When Liverpool qualified for the Champions League last May, the club could look forward to competing against some of Europe’s biggest clubs as well as a big healthy boost to its bank account.
The Reds have enjoyed both since returning to Europe’s elite competition, yet after tonight’s 1-1 home draw with FC Basel, they may reflect on a missed opportunity on both fronts.
Liverpool exit the competition with a total €10.6m (£8.4m) in prize money, but miss out on a potential €23.3m (£18.4m) available to the teams still in the competition.
Champions League sides are awarded €1m for a win and €500,000 for a draw in the group stage.
In contrast, Arsenal have earned €13.1m while Chelsea have picked up €12.6m with a group stage game still to play. Manchester City have earned the same amount as Liverpool, but have a chance to add to their pot when they travel to Roma tomorrow night.
And unlike the five-time European champions, all three English clubs could still add significantly to their total in the knockout stages of the competition.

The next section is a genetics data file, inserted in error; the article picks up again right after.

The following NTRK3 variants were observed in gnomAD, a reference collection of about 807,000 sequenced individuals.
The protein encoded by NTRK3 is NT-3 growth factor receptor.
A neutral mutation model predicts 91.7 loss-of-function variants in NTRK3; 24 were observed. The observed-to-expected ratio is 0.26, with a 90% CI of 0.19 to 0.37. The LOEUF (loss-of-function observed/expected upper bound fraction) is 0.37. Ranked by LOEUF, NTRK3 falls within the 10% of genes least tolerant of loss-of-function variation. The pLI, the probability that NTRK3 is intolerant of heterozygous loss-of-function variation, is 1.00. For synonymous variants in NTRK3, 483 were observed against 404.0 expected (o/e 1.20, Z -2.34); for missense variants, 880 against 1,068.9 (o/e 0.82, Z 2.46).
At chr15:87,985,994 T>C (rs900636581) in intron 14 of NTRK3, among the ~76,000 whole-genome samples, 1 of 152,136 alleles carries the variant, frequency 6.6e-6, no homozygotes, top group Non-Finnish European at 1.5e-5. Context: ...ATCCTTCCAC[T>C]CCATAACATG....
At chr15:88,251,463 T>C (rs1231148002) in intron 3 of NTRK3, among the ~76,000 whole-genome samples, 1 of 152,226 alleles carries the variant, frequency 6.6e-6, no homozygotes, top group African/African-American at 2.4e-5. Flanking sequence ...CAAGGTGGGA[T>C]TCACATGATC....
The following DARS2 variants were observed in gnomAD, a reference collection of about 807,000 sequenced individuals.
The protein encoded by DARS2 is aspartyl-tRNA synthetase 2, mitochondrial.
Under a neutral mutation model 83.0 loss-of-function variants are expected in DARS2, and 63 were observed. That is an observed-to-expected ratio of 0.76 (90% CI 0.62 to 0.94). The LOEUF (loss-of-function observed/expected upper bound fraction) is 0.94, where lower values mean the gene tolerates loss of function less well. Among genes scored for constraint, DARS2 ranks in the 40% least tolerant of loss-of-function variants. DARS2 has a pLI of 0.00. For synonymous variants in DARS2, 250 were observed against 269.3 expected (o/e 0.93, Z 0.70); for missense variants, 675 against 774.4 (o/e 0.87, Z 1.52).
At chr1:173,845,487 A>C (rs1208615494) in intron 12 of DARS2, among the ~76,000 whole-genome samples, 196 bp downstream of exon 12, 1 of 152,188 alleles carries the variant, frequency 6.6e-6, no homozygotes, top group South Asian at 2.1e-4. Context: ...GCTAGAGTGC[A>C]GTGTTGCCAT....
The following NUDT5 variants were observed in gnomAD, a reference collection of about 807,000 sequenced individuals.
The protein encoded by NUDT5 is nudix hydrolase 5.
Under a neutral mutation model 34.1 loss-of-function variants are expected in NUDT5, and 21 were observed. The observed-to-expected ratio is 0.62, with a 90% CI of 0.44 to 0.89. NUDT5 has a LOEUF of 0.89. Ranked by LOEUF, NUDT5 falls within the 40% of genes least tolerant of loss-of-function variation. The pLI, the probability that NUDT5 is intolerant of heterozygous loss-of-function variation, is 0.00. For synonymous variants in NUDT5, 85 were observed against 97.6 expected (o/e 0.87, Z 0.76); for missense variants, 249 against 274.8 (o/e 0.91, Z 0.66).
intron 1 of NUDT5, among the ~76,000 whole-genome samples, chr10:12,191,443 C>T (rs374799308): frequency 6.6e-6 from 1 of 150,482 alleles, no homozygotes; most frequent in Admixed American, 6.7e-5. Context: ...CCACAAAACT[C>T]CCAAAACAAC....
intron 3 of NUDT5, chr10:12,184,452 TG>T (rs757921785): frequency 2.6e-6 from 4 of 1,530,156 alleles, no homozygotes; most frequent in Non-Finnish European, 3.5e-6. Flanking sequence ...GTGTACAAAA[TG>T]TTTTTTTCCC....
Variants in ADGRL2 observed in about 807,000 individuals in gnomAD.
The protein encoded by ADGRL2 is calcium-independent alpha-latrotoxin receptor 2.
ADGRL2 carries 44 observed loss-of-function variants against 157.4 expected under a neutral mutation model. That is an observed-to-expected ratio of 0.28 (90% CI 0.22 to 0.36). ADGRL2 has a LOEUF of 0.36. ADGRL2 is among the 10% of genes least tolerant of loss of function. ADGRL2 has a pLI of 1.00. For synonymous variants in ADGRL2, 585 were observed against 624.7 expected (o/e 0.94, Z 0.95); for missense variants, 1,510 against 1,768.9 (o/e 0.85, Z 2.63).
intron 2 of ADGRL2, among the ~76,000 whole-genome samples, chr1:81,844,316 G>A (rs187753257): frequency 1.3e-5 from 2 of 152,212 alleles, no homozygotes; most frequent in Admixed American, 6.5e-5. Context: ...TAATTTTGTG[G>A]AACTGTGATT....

By failing to find a winning goal tonight, Liverpool missed out on a guaranteed €3.5m from the last 16 stage. Clubs are also awarded €3.9m for reaching the quarter-finals, €4.9m for the semi-finals, €6.5m for the final and a further €4.5 for winning “ol’ big ears” outright.
With Liverpool struggling in the Premier League this season, winning the Europa League (which they now enter by default due to finishing third in their group) could be their best bet of returning to the lucrative competition next season.
Of course, Liverpool’s Champions League campaign will be worth more their coffers than just the £8.4m picked up in prize money. The reds also earn their share of the UK’s TV market pool allocation.
Uefa distributes broadcasting money to clubs based on where they finished in the preceding domestic season. As Brendan Rodgers' side finished runners-up in last year’s Premier League, Liverpool are entitled to 30 per cent of the market pool, the size of which will be determined by how well the remaining UK clubs perform in the rest of the competition.
Last season the 2012/13 Premier League runners-up Manchester City earned €18.3m from their share of the €71.7m pool.
Extra fixtures in the Champions League is also likely to have brought increased matchday and commercial revenues with it, although the exact value has not been made public.
Liverpool could still rescue €7m from winning the Europa League, yet for all of those in Anfield's boardroom as well as the stands – that will be little consolation right now.